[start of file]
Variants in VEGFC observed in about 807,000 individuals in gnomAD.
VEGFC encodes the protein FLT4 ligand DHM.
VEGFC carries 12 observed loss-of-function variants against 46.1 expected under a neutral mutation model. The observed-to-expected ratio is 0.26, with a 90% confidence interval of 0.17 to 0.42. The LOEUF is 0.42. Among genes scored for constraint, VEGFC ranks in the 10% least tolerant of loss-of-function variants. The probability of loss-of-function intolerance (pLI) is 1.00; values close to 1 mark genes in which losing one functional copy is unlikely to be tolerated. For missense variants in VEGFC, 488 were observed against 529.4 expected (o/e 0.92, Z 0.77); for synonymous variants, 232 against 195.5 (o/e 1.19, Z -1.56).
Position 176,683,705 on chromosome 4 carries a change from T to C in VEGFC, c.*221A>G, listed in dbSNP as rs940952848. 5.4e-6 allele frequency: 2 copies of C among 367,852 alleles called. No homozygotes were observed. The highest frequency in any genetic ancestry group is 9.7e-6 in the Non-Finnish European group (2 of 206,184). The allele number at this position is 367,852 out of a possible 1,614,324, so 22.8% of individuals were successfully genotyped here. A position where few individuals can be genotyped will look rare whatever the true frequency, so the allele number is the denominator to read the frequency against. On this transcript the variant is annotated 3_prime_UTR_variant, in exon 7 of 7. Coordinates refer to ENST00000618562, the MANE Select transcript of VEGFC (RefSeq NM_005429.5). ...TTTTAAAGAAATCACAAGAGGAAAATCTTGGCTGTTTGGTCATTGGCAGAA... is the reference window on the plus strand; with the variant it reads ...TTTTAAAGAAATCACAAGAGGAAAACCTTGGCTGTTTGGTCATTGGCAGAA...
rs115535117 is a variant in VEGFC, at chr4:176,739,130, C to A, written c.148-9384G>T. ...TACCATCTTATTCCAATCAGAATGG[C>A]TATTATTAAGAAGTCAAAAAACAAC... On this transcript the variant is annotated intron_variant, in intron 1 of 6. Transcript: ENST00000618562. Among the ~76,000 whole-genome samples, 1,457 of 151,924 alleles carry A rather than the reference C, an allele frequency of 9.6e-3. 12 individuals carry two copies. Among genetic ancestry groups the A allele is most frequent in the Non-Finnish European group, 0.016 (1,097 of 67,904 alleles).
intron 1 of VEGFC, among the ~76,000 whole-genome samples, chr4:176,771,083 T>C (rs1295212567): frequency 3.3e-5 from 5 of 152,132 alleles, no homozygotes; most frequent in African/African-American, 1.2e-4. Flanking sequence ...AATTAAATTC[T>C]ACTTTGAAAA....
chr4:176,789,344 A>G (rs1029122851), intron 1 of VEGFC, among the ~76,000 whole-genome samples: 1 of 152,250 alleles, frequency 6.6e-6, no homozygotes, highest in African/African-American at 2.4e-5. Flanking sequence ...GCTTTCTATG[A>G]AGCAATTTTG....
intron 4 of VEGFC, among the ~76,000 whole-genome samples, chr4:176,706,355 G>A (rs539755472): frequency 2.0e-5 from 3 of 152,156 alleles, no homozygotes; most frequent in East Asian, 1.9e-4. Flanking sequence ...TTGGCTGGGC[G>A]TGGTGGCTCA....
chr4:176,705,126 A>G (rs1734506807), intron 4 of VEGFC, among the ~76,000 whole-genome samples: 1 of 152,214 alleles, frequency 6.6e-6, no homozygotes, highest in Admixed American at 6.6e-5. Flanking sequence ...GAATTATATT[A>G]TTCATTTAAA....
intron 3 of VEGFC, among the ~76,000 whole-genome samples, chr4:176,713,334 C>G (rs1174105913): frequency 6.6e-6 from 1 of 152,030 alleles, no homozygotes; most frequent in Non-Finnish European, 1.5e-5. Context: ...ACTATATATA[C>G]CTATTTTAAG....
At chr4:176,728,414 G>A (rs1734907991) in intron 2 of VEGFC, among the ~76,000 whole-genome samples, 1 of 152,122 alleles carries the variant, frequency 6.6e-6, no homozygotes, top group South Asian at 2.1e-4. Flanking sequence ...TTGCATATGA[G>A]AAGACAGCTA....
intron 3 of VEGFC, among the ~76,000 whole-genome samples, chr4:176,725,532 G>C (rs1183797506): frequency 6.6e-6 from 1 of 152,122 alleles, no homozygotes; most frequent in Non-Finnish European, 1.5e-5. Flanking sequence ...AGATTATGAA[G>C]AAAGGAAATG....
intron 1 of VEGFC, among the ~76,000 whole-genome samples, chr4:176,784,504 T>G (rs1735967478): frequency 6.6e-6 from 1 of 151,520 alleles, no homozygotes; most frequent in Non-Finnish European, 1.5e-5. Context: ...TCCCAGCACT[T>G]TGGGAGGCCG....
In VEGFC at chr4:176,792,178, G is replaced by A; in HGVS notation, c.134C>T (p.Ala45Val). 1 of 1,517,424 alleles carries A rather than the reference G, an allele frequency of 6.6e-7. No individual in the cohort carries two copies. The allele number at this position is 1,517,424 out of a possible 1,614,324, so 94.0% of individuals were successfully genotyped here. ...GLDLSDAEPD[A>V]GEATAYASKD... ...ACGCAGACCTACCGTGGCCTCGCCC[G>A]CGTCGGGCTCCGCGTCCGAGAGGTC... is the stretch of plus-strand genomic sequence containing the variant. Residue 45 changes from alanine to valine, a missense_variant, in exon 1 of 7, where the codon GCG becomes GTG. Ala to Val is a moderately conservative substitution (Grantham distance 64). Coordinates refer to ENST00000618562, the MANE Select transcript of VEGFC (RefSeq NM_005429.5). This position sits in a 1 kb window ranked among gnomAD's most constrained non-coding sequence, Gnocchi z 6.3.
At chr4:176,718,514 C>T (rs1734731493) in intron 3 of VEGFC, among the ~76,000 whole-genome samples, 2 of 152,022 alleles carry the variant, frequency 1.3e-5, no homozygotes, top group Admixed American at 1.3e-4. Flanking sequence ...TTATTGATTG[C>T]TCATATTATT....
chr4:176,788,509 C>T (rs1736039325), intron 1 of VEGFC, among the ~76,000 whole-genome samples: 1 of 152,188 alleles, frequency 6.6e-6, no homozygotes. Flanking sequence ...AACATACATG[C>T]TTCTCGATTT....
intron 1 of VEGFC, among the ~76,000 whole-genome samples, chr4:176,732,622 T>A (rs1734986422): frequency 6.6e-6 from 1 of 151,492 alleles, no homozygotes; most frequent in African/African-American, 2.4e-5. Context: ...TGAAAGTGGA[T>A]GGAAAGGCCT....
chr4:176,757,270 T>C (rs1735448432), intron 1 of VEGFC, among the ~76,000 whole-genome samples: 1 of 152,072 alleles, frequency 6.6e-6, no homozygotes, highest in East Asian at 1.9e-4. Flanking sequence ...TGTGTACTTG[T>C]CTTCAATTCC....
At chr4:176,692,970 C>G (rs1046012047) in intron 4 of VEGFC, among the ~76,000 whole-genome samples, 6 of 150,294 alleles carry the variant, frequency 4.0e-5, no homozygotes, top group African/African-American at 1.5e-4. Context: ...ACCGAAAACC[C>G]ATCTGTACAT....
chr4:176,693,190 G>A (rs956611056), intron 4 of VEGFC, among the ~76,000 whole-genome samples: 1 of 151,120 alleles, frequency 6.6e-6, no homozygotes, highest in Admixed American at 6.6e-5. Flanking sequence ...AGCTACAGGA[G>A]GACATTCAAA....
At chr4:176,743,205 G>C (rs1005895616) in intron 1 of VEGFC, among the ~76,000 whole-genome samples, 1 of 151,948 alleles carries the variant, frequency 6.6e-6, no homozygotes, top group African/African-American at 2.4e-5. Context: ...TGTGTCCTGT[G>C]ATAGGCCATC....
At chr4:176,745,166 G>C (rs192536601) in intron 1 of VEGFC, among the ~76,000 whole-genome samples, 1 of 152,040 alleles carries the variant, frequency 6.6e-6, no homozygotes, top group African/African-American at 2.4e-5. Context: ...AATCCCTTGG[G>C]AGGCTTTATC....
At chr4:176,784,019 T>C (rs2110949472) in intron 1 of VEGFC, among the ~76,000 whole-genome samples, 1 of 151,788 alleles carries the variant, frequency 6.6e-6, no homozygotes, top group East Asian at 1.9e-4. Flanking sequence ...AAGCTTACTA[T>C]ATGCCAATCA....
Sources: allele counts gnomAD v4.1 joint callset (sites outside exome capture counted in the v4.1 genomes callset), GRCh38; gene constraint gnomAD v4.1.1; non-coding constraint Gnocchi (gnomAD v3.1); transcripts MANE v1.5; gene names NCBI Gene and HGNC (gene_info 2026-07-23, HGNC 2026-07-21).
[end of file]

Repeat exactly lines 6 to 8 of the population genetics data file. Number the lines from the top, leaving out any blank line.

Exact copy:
intron 1 of VEGFC, among the ~76,000 whole-genome samples, chr4:176,771,083 T>C (rs1295212567): frequency 3.3e-5 from 5 of 152,132 alleles, no homozygotes; most frequent in African/African-American, 1.2e-4. Flanking sequence ...AATTAAATTC[T>C]ACTTTGAAAA....
chr4:176,789,344 A>G (rs1029122851), intron 1 of VEGFC, among the ~76,000 whole-genome samples: 1 of 152,250 alleles, frequency 6.6e-6, no homozygotes, highest in African/African-American at 2.4e-5. Flanking sequence ...GCTTTCTATG[A>G]AGCAATTTTG....
intron 4 of VEGFC, among the ~76,000 whole-genome samples, chr4:176,706,355 G>A (rs539755472): frequency 2.0e-5 from 3 of 152,156 alleles, no homozygotes; most frequent in East Asian, 1.9e-4. Flanking sequence ...TTGGCTGGGC[G>A]TGGTGGCTCA....